As a woman on her way home with a bag of groceries crosses a bridge, she sees a younger woman ahead of her cradling a bundle. The bundle might contain flowers or a baby; the first woman cannot tell which. She thinks that if she catches up with the woman and finds that it is a baby that she is carrying, she might smile at the baby, admire its hair or nose, and ask how old it is. Or she might say, “What lovely flowers,” although she believes that this remark will not lead to much conversation.
As the first woman thinks about all this, the young woman stops and leans over the edge of the bridge as if something in the water has caught her eye. The protagonist stops also, sets down her groceries, and peers down to learn what it is the young woman sees in the water below. Just as she looks back up, “in a graceful curve as of a ballet gesture,” the young woman throws the bundle over the side of the bridge. The protagonist tries to guess the weight of the package—does it contain a spray of flowers or a helpless infant? She cannot tell which. She tries to scream but cannot, realizing immediately that whether it is a baby or flowers will make no difference, as she will not tear off her jacket and scarf and leap into the river. As she looks down, she still cannot tell if what she sees is a flower or a baby’s bonnet, or if it is paper from around flowers or a baby’s blanket.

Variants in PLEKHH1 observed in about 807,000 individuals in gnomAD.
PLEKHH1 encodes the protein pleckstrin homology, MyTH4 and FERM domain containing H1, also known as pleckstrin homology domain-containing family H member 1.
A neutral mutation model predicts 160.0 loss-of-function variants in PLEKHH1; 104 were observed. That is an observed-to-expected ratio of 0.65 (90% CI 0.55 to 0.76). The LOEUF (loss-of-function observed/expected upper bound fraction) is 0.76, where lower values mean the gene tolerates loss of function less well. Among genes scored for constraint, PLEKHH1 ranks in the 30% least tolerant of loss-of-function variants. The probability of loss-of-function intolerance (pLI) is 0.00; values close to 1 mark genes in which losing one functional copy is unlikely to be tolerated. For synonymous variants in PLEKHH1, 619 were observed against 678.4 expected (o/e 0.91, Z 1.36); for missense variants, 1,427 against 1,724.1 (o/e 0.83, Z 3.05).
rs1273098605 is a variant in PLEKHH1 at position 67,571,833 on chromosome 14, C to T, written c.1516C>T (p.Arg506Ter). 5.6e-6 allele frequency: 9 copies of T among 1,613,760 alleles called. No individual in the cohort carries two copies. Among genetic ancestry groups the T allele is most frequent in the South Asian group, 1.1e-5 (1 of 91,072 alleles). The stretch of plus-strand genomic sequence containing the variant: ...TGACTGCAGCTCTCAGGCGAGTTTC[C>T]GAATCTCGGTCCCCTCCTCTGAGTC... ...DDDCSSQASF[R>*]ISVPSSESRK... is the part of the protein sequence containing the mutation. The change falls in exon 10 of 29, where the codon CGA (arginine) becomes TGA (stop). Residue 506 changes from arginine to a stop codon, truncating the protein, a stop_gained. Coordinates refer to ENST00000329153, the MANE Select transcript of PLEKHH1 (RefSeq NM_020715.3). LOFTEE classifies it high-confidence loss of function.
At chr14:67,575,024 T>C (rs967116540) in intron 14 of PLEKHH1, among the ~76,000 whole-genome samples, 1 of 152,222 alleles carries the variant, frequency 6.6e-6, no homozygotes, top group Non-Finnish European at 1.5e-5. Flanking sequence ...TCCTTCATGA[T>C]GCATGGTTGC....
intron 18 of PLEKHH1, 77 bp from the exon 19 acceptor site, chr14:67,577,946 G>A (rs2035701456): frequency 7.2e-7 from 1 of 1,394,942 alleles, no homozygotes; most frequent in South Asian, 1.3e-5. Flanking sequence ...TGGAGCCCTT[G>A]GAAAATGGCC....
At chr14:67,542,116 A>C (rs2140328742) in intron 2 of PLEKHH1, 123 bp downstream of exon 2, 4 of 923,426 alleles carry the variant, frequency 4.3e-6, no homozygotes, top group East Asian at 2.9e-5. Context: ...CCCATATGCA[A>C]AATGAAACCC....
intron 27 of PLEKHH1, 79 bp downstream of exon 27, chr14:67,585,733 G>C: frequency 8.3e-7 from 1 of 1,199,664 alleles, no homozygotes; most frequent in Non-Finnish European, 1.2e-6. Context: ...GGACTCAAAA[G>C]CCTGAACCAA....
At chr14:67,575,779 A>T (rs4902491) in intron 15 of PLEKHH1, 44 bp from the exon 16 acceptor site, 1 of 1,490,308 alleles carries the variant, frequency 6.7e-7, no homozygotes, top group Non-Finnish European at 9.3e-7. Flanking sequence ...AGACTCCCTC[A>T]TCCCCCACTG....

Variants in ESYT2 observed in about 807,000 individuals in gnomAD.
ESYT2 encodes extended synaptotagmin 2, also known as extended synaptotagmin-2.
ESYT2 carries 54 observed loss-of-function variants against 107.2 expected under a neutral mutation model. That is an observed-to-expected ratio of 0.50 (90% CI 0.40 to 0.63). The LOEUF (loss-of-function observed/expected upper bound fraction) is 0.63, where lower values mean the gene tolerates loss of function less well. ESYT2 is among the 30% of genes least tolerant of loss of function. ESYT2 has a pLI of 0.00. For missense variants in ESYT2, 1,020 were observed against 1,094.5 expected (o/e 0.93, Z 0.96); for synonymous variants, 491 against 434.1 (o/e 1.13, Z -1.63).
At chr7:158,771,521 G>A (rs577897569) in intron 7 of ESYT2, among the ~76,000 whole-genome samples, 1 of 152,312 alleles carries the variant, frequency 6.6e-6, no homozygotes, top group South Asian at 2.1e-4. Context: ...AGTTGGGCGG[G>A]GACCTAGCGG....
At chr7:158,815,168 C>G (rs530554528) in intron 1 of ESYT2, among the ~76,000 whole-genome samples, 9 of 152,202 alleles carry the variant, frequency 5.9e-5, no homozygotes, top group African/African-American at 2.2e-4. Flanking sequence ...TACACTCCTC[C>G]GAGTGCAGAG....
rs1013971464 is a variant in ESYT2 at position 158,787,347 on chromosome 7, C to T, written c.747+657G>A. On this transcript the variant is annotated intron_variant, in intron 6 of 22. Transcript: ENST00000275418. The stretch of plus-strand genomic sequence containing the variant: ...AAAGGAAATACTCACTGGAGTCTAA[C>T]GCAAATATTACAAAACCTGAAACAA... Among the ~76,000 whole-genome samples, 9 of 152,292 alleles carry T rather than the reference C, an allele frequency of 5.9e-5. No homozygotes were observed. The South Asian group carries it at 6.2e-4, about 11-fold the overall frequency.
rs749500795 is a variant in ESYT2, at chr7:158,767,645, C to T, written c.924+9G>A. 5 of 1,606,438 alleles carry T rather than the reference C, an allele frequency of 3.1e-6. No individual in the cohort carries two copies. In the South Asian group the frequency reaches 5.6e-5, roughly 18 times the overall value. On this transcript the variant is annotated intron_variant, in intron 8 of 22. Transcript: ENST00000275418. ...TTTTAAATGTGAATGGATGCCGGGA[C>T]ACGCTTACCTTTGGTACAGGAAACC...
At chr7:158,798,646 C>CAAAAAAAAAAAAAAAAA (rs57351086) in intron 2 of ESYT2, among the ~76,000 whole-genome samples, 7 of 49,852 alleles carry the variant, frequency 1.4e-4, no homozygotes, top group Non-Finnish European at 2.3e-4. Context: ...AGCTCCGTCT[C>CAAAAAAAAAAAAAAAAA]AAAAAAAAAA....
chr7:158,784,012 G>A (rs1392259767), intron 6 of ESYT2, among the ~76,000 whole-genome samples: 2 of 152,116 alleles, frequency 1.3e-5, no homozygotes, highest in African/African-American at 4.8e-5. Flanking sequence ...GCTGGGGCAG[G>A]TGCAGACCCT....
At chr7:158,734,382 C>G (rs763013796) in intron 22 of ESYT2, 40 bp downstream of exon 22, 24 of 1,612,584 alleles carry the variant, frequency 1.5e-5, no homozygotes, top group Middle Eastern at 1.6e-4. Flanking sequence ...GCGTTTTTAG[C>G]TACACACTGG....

Finally, the protagonist runs up to the young woman and asks what she has thrown off the bridge; however, the young woman acts as if she does not know what she is talking about, or as if her act is insignificant. She merely says, “I think it is going to rain again. It’s ruined everything I planned.” After the young woman walks away, the protagonist sets down her own grocery bag, “as if it contains bottles, quarts of heavy rich milk.” She then takes a cantaloupe out of her bag, palms it as if it were a basketball and heaves it into the river. As the story ends, “she tries to remember the soft plop of entry, and failing that, listens for a cry.”